Dear Friends and Neighbors,
On June 24, I shared with you a plan in the Legislature to raise the state gas tax by 10.5 cents per gallon, increase weight fees for commercial and passenger vehicles, increase other fees, and use bond proceeds to generate around $10 billion in revenue to pay for transportation projects around the state. The legislation passed the state House of Representatives on a narrow vote, but later died in the state Senate as the second special session came to an end.
Since then, the transportation debate has ramped up. The Senate Majority Coalition Caucus just concluded several transportation feedback forums across the state to gather input from citizens. This open, inclusive approach stands in stark contrast to the plan put forward in the state House of Representatives and by the governor in June. A study is also being conducted by the Joint Transportation Committee to determine transportation cost drivers and potential efficiencies. This effort is important because we know that transportation projects in our state cost significantly more than similar projects in other states. The report is due before the 2014 legislative session that begins in January. Finally, the governor continues to push for a special session in November to pass a transportation revenue package.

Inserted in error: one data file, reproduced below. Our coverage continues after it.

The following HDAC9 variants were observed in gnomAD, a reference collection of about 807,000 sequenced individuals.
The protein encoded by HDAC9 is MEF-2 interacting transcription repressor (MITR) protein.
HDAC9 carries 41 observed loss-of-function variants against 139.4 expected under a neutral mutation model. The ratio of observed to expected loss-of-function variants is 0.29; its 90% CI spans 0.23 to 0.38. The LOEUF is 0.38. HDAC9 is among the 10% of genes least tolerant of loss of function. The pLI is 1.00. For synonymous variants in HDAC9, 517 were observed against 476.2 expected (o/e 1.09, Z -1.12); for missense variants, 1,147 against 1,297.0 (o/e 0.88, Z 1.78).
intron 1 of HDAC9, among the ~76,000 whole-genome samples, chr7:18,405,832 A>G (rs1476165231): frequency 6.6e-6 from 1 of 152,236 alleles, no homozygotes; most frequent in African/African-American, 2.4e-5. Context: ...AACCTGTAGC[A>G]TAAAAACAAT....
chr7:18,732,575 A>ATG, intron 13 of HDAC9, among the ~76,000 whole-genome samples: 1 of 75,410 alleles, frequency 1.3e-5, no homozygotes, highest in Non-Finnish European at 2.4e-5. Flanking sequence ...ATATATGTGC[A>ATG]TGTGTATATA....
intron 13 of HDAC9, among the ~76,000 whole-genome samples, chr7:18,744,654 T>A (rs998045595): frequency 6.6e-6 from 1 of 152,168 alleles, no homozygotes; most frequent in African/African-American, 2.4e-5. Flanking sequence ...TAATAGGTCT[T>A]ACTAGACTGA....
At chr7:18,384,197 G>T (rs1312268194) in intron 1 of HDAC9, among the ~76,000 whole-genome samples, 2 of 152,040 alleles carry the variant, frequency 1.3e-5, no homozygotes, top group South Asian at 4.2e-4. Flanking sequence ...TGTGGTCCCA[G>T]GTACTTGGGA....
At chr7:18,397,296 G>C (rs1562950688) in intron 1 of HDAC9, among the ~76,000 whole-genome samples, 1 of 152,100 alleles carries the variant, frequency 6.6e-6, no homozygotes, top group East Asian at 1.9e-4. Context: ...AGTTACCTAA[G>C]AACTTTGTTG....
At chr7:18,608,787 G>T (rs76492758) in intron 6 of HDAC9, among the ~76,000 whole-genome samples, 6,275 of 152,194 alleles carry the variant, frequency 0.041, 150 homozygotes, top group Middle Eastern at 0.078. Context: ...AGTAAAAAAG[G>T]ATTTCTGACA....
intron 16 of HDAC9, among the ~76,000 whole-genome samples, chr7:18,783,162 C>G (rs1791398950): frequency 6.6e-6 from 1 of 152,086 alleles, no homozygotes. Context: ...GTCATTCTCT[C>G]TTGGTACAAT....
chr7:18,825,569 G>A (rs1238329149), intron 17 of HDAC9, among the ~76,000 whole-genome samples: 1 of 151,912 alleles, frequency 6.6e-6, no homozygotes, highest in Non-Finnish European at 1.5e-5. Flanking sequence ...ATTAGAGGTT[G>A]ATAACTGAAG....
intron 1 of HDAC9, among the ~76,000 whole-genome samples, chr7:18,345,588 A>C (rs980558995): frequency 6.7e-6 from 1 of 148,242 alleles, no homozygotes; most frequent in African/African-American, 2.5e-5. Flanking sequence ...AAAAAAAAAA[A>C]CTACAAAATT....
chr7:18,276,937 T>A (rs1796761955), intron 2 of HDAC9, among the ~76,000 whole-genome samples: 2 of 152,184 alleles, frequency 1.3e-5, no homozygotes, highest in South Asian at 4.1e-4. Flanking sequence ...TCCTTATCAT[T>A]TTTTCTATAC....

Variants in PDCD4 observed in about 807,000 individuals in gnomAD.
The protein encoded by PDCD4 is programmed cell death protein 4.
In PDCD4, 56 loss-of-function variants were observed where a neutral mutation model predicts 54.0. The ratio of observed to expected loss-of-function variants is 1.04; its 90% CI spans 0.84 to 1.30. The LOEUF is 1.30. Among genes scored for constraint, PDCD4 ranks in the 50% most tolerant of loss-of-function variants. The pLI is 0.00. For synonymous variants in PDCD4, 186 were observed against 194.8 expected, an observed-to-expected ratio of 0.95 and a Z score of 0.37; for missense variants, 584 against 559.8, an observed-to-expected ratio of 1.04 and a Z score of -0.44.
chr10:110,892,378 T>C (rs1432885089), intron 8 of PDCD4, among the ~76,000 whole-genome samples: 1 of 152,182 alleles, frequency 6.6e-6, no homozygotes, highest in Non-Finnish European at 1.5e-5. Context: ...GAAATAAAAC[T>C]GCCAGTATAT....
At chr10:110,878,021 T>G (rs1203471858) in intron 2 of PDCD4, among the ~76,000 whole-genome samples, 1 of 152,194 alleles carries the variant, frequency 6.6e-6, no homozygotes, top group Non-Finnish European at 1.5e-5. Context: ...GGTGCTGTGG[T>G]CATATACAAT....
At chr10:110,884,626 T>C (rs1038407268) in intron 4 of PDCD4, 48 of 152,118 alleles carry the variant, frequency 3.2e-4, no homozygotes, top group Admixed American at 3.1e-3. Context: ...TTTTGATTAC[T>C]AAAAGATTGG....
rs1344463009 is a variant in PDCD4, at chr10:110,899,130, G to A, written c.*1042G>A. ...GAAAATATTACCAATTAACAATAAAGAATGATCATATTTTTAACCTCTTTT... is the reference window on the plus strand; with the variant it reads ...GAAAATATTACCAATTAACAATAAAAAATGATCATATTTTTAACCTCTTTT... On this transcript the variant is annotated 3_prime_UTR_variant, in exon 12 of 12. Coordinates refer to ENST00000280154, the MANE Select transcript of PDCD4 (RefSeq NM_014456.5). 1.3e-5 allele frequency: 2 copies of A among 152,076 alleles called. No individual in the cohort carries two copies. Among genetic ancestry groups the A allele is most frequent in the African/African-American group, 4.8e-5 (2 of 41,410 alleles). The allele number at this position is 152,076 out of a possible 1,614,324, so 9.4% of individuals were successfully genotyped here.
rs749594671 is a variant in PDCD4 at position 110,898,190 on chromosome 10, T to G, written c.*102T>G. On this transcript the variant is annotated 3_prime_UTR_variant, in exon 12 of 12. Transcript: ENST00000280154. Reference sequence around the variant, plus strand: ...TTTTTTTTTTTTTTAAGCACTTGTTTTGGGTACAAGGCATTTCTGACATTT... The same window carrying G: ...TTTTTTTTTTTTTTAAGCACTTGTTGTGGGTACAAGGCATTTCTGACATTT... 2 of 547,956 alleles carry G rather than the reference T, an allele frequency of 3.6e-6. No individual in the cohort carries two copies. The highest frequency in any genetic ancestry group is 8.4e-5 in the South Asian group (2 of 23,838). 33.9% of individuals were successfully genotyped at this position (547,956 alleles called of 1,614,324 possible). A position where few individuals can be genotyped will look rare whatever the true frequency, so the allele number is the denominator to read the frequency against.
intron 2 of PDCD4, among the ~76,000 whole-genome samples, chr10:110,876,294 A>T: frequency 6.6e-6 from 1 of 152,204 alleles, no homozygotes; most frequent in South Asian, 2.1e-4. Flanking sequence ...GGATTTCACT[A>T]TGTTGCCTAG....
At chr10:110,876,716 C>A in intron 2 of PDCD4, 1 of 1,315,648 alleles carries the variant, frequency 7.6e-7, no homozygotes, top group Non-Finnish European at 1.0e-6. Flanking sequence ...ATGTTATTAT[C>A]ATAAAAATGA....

I voted against the transportation revenue package in June for two main reasons. First, many individuals, families and small businesses cannot afford to pay more at the pump. An increase in the state gas tax would be especially punitive to people who have to travel long distances to work or are struggling to get by. Secondly, our state needs more accountability in its transportation system before the Legislature considers reaching deeper into people’s pockets. From the problems with the 520 bridge replacement pontoons, to an off ramp being built in the wrong place, to problems in the state ferry system, too many gas tax dollars have been wasted. We need reforms to prevent past problems from occurring in the future and to help ensure gas tax dollars are maximized. This is where I believe the transportation debate needs to start.
I’ve provided you with an update on the transportation revenue package debate and shared my views. Now, I want to hear from you. Please consider taking this short transportation survey. I appreciate your consideration and time.
In your service,